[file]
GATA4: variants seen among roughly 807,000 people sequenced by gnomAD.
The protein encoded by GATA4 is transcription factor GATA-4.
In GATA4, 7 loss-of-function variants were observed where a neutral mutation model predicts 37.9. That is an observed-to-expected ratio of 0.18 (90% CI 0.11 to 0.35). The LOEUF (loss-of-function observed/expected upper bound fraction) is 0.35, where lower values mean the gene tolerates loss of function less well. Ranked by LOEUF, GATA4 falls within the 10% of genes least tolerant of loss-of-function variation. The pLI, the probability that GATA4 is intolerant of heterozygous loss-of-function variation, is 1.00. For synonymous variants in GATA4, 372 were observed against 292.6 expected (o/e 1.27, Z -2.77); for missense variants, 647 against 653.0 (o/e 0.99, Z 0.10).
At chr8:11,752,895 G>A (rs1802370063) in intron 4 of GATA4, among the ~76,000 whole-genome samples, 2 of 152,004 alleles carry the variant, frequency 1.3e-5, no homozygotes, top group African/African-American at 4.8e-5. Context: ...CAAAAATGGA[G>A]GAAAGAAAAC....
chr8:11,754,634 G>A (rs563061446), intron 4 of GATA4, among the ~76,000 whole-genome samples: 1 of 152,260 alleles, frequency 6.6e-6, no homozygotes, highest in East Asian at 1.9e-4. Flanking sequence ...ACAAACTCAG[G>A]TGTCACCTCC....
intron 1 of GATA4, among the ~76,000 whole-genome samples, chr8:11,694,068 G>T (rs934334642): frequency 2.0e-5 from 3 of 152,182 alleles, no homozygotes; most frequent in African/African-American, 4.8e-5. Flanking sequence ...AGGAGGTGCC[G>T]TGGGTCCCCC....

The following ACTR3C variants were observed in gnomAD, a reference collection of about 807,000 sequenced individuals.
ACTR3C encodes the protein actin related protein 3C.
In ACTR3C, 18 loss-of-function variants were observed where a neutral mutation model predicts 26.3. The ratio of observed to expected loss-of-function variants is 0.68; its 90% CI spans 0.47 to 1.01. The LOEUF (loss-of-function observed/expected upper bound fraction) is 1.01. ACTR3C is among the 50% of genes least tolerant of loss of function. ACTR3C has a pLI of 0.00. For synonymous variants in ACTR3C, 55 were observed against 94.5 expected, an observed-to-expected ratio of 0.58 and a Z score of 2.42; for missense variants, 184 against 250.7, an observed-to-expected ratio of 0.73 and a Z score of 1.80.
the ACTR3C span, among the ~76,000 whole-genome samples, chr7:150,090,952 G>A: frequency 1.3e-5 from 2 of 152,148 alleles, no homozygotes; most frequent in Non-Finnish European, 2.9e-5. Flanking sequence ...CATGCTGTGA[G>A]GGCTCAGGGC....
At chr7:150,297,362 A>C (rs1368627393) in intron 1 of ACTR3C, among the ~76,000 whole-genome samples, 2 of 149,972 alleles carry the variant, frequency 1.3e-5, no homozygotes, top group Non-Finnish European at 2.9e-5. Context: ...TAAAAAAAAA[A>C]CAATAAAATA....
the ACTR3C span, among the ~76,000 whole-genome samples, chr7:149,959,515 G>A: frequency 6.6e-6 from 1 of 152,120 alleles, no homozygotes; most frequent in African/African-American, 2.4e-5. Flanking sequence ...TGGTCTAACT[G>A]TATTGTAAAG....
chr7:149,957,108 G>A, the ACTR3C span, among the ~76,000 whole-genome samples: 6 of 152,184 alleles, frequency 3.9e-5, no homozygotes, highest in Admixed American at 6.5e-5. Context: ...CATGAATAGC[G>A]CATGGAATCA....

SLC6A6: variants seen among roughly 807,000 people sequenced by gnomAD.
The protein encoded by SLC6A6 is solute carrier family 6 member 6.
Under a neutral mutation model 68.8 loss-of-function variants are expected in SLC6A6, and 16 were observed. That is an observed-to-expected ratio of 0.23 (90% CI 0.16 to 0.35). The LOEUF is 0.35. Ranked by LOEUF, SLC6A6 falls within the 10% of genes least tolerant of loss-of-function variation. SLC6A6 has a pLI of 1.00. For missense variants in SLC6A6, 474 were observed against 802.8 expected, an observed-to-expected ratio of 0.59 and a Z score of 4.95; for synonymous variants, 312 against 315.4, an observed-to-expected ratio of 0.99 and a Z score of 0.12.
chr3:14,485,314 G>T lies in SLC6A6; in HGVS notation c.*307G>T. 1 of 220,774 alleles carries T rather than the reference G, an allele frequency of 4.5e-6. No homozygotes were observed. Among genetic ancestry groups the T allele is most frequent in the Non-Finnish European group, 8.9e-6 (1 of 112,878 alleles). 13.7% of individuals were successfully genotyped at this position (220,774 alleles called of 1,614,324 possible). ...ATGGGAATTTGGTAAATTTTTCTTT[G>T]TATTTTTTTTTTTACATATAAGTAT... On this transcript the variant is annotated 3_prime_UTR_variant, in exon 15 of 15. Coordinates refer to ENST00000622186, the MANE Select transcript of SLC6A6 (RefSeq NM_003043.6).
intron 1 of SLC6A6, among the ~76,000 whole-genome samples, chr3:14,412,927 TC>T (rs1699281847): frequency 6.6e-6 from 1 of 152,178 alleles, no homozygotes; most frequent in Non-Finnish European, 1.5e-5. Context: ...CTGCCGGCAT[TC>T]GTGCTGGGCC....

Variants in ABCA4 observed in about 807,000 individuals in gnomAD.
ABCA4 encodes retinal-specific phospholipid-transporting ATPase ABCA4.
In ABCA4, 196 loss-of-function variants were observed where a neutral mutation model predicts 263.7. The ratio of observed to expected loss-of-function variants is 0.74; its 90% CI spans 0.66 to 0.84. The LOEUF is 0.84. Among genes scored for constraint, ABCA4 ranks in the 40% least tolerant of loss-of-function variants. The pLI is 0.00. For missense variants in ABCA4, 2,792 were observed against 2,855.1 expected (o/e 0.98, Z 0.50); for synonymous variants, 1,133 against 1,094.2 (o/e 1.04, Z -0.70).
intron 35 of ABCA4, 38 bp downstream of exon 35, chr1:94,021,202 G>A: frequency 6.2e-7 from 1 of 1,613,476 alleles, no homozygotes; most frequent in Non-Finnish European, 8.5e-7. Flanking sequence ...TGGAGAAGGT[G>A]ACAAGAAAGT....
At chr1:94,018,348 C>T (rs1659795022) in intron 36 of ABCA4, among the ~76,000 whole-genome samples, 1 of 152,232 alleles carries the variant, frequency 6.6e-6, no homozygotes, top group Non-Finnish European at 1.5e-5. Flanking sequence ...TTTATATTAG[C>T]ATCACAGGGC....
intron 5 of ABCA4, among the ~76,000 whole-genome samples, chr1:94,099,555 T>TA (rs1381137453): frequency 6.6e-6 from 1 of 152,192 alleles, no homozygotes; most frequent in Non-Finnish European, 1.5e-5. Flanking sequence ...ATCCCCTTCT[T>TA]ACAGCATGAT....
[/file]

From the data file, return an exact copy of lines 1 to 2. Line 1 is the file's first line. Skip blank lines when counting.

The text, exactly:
GATA4: variants seen among roughly 807,000 people sequenced by gnomAD.
The protein encoded by GATA4 is transcription factor GATA-4.